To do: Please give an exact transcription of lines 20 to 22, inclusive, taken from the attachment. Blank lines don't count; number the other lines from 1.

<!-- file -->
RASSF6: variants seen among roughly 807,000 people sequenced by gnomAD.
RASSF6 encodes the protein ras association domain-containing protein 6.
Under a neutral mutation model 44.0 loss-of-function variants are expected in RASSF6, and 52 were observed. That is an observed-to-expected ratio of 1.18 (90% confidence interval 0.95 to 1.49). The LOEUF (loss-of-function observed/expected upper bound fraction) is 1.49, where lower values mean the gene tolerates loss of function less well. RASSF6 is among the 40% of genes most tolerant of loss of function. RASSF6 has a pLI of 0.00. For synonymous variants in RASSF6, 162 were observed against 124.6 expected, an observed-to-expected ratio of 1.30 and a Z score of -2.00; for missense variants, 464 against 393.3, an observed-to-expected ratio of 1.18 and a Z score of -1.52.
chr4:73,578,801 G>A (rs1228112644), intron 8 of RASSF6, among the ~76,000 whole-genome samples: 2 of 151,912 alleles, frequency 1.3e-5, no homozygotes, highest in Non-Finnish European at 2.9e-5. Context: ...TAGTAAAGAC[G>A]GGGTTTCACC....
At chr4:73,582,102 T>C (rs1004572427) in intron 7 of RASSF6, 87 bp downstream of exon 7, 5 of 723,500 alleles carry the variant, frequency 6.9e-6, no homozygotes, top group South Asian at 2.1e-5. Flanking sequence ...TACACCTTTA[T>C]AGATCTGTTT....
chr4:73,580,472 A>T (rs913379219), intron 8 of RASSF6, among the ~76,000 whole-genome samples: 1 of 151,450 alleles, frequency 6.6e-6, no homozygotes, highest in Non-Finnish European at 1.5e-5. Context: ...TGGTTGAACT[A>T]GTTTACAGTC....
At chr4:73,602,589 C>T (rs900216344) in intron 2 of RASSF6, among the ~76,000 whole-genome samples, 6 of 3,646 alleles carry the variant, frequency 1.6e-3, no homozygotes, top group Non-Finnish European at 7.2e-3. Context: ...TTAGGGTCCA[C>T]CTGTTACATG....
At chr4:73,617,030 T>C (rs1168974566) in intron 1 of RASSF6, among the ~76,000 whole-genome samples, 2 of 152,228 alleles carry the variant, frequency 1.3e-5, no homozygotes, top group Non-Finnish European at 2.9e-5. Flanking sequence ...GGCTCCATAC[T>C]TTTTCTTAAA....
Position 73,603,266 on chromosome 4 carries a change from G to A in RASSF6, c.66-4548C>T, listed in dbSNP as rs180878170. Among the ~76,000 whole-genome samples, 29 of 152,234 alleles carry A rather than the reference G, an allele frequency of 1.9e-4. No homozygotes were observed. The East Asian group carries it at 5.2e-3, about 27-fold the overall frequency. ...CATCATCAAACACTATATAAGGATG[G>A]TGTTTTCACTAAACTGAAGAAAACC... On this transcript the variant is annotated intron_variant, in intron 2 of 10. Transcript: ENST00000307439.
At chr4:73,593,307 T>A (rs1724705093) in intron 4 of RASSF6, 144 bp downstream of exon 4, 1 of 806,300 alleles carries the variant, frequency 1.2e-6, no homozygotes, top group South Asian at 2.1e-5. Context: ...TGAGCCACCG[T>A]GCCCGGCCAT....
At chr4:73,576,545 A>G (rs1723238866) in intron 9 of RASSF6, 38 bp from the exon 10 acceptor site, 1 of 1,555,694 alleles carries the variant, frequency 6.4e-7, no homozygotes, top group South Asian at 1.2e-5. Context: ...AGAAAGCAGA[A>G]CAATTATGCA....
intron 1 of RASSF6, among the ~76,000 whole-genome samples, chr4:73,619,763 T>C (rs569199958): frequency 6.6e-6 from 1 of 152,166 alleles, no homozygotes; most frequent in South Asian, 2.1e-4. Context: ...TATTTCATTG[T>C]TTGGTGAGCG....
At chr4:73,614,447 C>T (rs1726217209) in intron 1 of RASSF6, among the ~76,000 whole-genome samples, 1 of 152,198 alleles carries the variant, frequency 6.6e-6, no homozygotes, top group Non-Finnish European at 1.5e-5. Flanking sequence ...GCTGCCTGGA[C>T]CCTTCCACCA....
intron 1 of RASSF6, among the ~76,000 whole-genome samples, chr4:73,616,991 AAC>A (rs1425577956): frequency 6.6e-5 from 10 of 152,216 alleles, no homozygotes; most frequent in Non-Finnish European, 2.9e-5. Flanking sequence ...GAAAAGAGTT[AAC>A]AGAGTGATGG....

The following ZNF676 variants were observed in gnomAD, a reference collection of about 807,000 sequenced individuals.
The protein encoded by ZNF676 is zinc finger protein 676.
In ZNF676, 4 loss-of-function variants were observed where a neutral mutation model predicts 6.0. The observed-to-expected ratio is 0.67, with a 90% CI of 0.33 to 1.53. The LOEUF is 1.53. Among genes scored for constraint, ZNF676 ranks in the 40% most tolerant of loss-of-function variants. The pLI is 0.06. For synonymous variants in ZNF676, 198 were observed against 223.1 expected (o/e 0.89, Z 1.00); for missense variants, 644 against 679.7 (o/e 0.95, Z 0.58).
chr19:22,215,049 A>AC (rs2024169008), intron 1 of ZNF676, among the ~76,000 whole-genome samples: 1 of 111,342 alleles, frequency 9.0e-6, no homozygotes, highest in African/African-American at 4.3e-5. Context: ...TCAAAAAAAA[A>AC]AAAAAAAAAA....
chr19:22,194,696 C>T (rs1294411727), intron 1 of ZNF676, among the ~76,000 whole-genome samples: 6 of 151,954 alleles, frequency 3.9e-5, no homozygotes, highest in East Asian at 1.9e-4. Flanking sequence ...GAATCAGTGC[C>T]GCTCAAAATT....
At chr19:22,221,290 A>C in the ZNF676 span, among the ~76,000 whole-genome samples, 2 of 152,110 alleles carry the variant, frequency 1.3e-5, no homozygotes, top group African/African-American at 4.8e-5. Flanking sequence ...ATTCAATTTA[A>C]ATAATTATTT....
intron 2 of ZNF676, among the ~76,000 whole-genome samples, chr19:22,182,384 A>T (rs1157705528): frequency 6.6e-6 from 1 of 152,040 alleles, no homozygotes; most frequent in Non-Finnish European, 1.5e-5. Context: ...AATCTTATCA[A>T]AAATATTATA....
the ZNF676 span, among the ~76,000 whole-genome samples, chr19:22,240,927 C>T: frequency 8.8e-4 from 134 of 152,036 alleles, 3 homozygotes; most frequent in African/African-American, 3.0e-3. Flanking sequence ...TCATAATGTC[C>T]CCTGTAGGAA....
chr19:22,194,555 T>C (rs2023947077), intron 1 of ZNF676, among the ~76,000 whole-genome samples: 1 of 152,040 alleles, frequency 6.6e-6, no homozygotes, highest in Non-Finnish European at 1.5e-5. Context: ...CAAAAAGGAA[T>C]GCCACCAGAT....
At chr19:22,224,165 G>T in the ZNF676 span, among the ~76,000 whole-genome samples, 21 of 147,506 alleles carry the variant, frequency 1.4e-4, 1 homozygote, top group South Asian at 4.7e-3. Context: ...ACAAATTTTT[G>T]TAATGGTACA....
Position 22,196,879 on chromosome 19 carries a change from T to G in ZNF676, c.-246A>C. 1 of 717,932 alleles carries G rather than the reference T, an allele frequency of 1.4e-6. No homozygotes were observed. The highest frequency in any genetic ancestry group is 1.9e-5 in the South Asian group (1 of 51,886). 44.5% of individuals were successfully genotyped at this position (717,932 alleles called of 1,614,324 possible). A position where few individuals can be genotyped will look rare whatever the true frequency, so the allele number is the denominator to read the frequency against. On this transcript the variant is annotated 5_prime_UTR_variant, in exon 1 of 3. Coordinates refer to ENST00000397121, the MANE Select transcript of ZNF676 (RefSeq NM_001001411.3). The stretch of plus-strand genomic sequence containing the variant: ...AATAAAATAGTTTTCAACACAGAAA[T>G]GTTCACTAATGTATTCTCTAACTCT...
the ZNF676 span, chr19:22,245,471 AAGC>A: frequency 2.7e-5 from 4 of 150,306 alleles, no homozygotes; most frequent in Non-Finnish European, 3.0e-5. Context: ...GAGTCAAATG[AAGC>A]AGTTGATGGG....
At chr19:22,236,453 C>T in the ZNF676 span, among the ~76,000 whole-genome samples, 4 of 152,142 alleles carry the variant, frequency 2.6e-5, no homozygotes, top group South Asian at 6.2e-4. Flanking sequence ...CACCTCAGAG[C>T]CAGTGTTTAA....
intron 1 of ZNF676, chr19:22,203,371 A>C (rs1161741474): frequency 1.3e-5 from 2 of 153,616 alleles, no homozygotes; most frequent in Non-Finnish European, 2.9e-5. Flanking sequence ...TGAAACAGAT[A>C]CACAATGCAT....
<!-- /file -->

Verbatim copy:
At chr19:22,221,290 A>C in the ZNF676 span, among the ~76,000 whole-genome samples, 2 of 152,110 alleles carry the variant, frequency 1.3e-5, no homozygotes, top group African/African-American at 4.8e-5. Flanking sequence ...ATTCAATTTA[A>C]ATAATTATTT....
intron 2 of ZNF676, among the ~76,000 whole-genome samples, chr19:22,182,384 A>T (rs1157705528): frequency 6.6e-6 from 1 of 152,040 alleles, no homozygotes; most frequent in Non-Finnish European, 1.5e-5. Context: ...AATCTTATCA[A>T]AAATATTATA....
the ZNF676 span, among the ~76,000 whole-genome samples, chr19:22,240,927 C>T: frequency 8.8e-4 from 134 of 152,036 alleles, 3 homozygotes; most frequent in African/African-American, 3.0e-3. Flanking sequence ...TCATAATGTC[C>T]CCTGTAGGAA....